Bevos are family affair for Venables

Will is an outfielder and his dad, Max, is the hitting coach
by:  JIM CLARK, Portland Beavers hitting coach Max Venable (left) and son Will, an outfielder, have worked together before, two years ago with Fort Wayne (Ind.). “It’s nice to have your dad at the office, so to speak,” Will says.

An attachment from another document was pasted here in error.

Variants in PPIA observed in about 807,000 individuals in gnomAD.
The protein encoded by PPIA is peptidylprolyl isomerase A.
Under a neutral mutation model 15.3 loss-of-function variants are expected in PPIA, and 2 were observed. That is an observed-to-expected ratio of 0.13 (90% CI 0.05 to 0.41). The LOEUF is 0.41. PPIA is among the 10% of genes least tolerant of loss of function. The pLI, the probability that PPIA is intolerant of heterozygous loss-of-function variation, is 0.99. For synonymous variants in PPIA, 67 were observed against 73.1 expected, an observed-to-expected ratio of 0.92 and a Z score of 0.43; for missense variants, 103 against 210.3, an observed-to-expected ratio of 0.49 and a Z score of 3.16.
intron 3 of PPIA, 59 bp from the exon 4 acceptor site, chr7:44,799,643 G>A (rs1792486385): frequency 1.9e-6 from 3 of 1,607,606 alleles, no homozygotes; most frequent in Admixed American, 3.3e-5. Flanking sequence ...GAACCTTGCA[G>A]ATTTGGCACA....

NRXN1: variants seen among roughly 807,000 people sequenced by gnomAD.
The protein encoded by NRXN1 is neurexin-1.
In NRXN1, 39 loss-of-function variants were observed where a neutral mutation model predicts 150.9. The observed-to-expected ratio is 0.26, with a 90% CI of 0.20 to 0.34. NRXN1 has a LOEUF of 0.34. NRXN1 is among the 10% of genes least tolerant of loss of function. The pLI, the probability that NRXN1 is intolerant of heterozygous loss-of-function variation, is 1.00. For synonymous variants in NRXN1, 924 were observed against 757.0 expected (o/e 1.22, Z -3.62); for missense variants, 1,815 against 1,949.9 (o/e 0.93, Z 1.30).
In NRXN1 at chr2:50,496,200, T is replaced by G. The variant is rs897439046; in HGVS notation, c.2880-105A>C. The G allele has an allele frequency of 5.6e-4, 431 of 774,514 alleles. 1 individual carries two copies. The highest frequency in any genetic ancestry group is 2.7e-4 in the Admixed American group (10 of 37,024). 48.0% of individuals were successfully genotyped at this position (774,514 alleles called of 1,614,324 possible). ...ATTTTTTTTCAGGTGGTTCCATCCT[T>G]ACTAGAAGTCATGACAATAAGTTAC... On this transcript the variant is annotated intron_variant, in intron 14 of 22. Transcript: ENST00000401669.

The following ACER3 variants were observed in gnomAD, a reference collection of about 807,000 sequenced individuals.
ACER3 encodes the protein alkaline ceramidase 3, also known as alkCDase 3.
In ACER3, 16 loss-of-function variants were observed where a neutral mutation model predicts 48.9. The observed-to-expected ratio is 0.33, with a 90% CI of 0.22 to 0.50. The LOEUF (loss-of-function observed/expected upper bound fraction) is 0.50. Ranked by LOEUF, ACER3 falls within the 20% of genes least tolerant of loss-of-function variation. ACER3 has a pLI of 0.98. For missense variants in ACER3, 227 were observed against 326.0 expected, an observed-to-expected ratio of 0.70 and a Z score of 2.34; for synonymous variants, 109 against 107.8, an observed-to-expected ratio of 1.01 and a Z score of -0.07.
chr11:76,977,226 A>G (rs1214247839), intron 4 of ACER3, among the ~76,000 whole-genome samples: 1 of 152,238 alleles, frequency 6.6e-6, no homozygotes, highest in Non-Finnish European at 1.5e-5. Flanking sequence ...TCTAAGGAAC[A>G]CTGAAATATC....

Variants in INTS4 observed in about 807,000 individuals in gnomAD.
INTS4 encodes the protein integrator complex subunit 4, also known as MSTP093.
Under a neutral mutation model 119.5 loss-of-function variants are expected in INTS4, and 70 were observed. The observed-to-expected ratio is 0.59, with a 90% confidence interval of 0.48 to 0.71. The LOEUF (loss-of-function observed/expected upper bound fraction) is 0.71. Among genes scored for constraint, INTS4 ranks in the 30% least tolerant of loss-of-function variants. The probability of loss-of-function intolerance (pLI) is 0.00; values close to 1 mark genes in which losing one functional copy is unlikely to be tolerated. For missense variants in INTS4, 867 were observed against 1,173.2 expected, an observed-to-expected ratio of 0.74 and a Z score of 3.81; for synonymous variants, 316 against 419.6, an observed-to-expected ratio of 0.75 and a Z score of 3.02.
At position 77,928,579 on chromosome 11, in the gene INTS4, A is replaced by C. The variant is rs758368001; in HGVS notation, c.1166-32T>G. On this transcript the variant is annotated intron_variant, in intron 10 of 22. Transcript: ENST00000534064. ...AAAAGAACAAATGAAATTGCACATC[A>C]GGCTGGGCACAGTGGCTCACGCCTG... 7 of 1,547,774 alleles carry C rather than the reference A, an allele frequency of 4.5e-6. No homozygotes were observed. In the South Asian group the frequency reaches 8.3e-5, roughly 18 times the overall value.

Will Venable, outfielder with the Portland Beavers, says he doesn’t ask his father for permission to hang out late at night. “I’m a grown man,” says Venable, 25, smiling. “I can do whatever I want.” And Max Venable, first-year hitting coach for the Bevos, says he doesn’t make his son live with him and doesn’t bother Will very often about sitting down for meals together. “I tried to get out of the house my whole life,” Will Venable says, again smiling. “I’m not going to try to get back in.” It’s business as usual for the Venables, although Will admits: “It’s nice to have your dad at the office, so to speak.” Father and son were together one other time in their professional careers, two years ago at Fort Wayne (Ind.). Max, 50, spent parts of 12 seasons in the major leagues (1979-1991), with San Francisco, Montreal, Cincinnati and California, hitting .241 in 727 career games, mostly as a part-time utility man. He then began coaching in the pros. Along the way, the oldest of his three children would hang out at the ballpark, visit him in the clubhouse and run around the field, but Will also had another sport to play while growing up in the San Francisco Bay Area. As the story goes, dad turned on the lights one night in the kid’s room, and Will was twirling his basketball. Will went to Princeton to play hoops under former Tigers coach John Thompson III (now at Georgetown) and get an Ivy League education, passing on the chance to stay close to home at Santa Clara. He didn’t play baseball as a high school senior or Princeton freshman. “Baseball was an afterthought,” he says. His mother, Molly, urged him to return to the sport, however, and Will became only the second Ivy League athlete to earn all-league honors in baseball and basketball, joining, coincidentally, current San Diego pitcher Chris Young, also from Princeton. Will, an anthropology major, went to Baltimore in the 15th round of the draft after his junior year and to San Diego in the seventh round in 2005. He hit .314 with 11 homers and 91 RBIs at Class A Fort Wayne two years ago and .287 with eight homers and 68 RBIs at Double-A San Antonio last season. The Padres talked about sending him back to San Antonio this year to play in center field every day, but an injury to Vince Sinisi left an outfield spot open with the Beavers. Will hopes he sticks here. “I don’t plan on going down,” he says. At 6-2, 205 pounds, Will has good size and strength and decent speed. He projects to be a .300, line-drive hitter in the big leagues. “He’s learning the strike zone, and how to look for pitches,” Max says. “Power will come in a couple years. He has to learn some good mechanics, stick to being a line-drive hitter and have a good plan at the plate. “He has also worked on his bat path — he tends to get a little loop in there.” Will was too young to study his father in action, but he has seen videotapes and heard all the stories. These days, he gets enough of Pops at work. “We spend about eight hours a day together,” Will says. “He’s completely professional. I don’t ask anything special of him, and he asks nothing special of me. If not for the name on the back of our jerseys, a lot of people wouldn’t know it’s my dad.” Sometimes, however, Max has a fatherly moment and “That’s my boy” runs through his mind. “Just to see him at this level, I’m very proud of him,” he says. But in baseball, lines are drawn. Players play the game and hang around other players, while coaches and managers run the team, develop players and report to the big league club “No favoritism,” Max says. “I treat him as I would everyone else.” This email address is being protected from spambots. You need JavaScript enabled to view it.